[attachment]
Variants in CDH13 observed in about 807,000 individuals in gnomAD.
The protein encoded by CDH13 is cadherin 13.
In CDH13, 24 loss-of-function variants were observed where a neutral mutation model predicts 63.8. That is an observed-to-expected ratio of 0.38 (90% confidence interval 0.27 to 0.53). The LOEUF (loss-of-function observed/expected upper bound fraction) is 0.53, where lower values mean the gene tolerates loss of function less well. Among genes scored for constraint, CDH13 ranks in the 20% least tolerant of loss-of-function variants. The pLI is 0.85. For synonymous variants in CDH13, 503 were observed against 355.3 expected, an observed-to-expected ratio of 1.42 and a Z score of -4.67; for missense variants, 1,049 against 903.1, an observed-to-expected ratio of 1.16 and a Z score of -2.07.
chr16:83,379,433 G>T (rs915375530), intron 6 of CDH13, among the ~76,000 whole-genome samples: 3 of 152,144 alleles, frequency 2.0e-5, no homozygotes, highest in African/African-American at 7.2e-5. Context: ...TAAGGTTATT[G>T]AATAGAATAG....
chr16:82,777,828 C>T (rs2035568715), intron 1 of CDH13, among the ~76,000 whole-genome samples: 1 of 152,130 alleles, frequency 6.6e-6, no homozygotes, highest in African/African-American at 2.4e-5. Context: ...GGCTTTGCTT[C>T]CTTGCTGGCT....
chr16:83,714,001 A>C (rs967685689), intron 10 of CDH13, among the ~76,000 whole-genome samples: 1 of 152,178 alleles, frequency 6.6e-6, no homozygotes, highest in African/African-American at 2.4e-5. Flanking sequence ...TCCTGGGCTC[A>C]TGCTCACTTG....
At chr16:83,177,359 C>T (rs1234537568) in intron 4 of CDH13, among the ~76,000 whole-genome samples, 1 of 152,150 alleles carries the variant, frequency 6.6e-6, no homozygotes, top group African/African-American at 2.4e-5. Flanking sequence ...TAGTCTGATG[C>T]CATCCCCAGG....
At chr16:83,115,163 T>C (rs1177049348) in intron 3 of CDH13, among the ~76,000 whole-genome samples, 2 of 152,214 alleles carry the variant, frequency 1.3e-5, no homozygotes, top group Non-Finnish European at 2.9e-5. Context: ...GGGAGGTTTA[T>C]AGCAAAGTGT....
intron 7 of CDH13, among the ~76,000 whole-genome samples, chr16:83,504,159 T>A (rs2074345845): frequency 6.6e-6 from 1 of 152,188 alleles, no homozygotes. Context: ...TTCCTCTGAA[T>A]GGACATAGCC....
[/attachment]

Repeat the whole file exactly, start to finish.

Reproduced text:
Variants in CDH13 observed in about 807,000 individuals in gnomAD.
The protein encoded by CDH13 is cadherin 13.
In CDH13, 24 loss-of-function variants were observed where a neutral mutation model predicts 63.8. That is an observed-to-expected ratio of 0.38 (90% confidence interval 0.27 to 0.53). The LOEUF (loss-of-function observed/expected upper bound fraction) is 0.53, where lower values mean the gene tolerates loss of function less well. Among genes scored for constraint, CDH13 ranks in the 20% least tolerant of loss-of-function variants. The pLI is 0.85. For synonymous variants in CDH13, 503 were observed against 355.3 expected, an observed-to-expected ratio of 1.42 and a Z score of -4.67; for missense variants, 1,049 against 903.1, an observed-to-expected ratio of 1.16 and a Z score of -2.07.
chr16:83,379,433 G>T (rs915375530), intron 6 of CDH13, among the ~76,000 whole-genome samples: 3 of 152,144 alleles, frequency 2.0e-5, no homozygotes, highest in African/African-American at 7.2e-5. Context: ...TAAGGTTATT[G>T]AATAGAATAG....
chr16:82,777,828 C>T (rs2035568715), intron 1 of CDH13, among the ~76,000 whole-genome samples: 1 of 152,130 alleles, frequency 6.6e-6, no homozygotes, highest in African/African-American at 2.4e-5. Context: ...GGCTTTGCTT[C>T]CTTGCTGGCT....
chr16:83,714,001 A>C (rs967685689), intron 10 of CDH13, among the ~76,000 whole-genome samples: 1 of 152,178 alleles, frequency 6.6e-6, no homozygotes, highest in African/African-American at 2.4e-5. Flanking sequence ...TCCTGGGCTC[A>C]TGCTCACTTG....
At chr16:83,177,359 C>T (rs1234537568) in intron 4 of CDH13, among the ~76,000 whole-genome samples, 1 of 152,150 alleles carries the variant, frequency 6.6e-6, no homozygotes, top group African/African-American at 2.4e-5. Flanking sequence ...TAGTCTGATG[C>T]CATCCCCAGG....
At chr16:83,115,163 T>C (rs1177049348) in intron 3 of CDH13, among the ~76,000 whole-genome samples, 2 of 152,214 alleles carry the variant, frequency 1.3e-5, no homozygotes, top group Non-Finnish European at 2.9e-5. Context: ...GGGAGGTTTA[T>C]AGCAAAGTGT....
intron 7 of CDH13, among the ~76,000 whole-genome samples, chr16:83,504,159 T>A (rs2074345845): frequency 6.6e-6 from 1 of 152,188 alleles, no homozygotes. Context: ...TTCCTCTGAA[T>A]GGACATAGCC....